In order to make some predictions for my work I have modeled a process using a binomial distribution, but in my case every single experiment must be a success and I am just changing the probability that each individual trial is a success. Effectively what I am looking at is:

$$ P({\rm success}) = p^m $$

Where $m$ is the number of trials I need to succeed at. If $m$ and $p$ are known with certainty is there any way to estimate the variance of $P({\rm success})$, or am I fundamentally misunderstanding something?

  • $\begingroup$ If $m$ and $p$ are known with certainty, $p^m$ is a constant and thus its variance is $0$. I suppose you are looking for something else? $\endgroup$ Commented Jul 2, 2014 at 18:04
  • $\begingroup$ @JuhoKokkala. Success is Bernoulli with success probability $p^m$. So the variance of having a success is $p^m (1-p^m)$. $\endgroup$
    – Michael M
    Commented Jul 2, 2014 at 20:22
  • $\begingroup$ @MichaelMayer Correct, but the question as written asks about 'the variance of $P(\textrm{Success})$', not the variance of the Bernoulli random variale Success. Furthermore, the title is about uncertainty in a probability estimate, so to me it is not clear what this question is about. $\endgroup$ Commented Jul 2, 2014 at 20:29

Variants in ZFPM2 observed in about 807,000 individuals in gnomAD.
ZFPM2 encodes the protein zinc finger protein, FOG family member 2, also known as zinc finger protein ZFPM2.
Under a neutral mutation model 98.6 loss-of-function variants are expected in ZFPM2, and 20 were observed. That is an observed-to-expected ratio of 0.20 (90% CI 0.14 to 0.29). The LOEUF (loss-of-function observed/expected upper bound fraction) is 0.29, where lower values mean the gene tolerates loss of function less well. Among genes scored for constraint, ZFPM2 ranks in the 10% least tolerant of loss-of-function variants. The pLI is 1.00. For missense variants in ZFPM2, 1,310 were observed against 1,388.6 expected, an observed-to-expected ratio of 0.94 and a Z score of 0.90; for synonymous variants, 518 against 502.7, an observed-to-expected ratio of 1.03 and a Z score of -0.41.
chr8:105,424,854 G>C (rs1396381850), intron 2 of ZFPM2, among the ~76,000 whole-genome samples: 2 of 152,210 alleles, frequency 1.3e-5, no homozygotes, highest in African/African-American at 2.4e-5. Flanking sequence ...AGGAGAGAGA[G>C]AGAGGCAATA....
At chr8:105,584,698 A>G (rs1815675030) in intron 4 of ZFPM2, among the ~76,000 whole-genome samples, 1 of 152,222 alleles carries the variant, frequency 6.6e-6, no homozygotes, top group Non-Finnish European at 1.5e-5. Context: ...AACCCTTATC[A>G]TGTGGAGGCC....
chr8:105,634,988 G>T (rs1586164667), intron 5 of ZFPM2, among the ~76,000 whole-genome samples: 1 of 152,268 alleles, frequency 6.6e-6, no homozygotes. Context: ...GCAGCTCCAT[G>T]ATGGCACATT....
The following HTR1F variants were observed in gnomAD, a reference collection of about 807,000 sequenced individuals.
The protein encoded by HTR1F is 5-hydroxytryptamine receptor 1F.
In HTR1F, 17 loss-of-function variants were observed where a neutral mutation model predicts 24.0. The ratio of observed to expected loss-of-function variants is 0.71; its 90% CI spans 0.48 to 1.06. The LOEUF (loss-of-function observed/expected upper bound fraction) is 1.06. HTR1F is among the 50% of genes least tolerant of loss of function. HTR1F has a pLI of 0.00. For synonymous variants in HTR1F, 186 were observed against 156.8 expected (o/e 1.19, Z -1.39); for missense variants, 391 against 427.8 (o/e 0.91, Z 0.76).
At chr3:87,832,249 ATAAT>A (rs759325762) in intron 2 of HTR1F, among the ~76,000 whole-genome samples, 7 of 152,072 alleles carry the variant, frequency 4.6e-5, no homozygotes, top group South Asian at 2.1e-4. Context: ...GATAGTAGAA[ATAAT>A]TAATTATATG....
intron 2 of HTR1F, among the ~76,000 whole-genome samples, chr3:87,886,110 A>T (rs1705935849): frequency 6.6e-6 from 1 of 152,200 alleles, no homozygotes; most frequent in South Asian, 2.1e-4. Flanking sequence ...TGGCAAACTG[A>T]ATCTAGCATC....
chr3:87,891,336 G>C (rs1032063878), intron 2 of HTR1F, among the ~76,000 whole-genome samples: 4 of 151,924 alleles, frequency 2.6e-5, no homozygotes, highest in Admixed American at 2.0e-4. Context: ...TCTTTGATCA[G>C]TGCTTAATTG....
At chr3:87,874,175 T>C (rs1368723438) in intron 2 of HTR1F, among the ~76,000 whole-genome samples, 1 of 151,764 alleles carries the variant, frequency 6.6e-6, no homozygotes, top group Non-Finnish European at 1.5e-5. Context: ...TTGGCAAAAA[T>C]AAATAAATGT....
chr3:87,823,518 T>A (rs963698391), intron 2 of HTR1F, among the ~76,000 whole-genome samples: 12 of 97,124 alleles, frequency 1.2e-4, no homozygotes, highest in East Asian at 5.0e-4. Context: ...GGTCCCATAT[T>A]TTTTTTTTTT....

• $\begingroup$ @JuhoKokkala. You are right, I was guessing. $\endgroup$
    – Michael M
    Commented Jul 2, 2014 at 20:46
  • $\begingroup$ Do you mean the variance of the outcome (where overall success=1 or 0), or as your text says the variance of the probability? $\endgroup$
    – Glen_b
    Commented Jul 2, 2014 at 23:15

1 Answer 1


If $m$ and $p$ are known with certainty, and the Bernoulli model you used is also a given (basically, adding independence), then the probability of succeeding every trial is $p^m$ and that probability of overall success is certain (variance is 0).

Do you instead mean something else? If you want the variance of the outcome, that's different (it's like tossing a fair coin - given you somehow know it to be fair, the probability of a head might be known with certainty, but the outcome is still variable).

  • $\begingroup$ Yes, I was mistaken in asking the question. The variance I was looking for was indeed zero. I was overcomplicating things! $\endgroup$
    – mjnichol
    Commented Jul 3, 2014 at 21:02

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